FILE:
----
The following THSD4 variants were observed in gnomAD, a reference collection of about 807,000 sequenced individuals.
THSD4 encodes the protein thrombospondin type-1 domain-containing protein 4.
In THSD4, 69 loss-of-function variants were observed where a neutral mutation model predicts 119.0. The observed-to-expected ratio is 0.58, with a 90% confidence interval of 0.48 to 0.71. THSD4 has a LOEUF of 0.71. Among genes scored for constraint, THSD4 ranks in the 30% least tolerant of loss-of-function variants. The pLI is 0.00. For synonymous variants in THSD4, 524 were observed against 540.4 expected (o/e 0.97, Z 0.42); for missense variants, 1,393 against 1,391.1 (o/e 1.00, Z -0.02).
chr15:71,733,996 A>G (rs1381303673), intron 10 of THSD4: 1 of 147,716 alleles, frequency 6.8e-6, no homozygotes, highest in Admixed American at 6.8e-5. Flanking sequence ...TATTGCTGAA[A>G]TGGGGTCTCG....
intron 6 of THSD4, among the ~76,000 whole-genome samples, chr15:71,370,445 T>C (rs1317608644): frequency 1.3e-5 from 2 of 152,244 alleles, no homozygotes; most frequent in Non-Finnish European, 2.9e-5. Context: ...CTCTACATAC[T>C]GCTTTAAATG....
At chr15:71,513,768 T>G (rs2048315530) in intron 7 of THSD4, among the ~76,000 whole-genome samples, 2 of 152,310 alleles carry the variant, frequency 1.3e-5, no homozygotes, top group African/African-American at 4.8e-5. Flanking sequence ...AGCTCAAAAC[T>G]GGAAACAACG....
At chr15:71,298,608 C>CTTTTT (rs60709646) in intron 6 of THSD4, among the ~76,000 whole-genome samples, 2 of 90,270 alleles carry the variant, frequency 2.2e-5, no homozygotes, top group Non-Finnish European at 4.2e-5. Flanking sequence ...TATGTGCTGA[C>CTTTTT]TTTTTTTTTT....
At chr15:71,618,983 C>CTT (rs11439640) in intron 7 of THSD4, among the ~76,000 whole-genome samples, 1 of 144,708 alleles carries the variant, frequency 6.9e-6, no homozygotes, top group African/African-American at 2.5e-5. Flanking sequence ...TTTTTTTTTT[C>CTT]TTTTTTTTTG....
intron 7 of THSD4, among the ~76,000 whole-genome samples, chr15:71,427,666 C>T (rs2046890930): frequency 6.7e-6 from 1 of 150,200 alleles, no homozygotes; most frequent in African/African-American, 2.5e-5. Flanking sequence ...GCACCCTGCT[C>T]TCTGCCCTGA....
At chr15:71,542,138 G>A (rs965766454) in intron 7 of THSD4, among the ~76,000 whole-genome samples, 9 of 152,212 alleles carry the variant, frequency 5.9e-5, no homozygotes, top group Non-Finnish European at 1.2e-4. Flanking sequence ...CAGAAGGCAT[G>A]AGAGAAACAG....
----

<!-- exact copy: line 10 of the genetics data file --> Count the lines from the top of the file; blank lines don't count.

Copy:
At chr15:71,542,138 G>A (rs965766454) in intron 7 of THSD4, among the ~76,000 whole-genome samples, 9 of 152,212 alleles carry the variant, frequency 5.9e-5, no homozygotes, top group Non-Finnish European at 1.2e-4. Flanking sequence ...CAGAAGGCAT[G>A]AGAGAAACAG....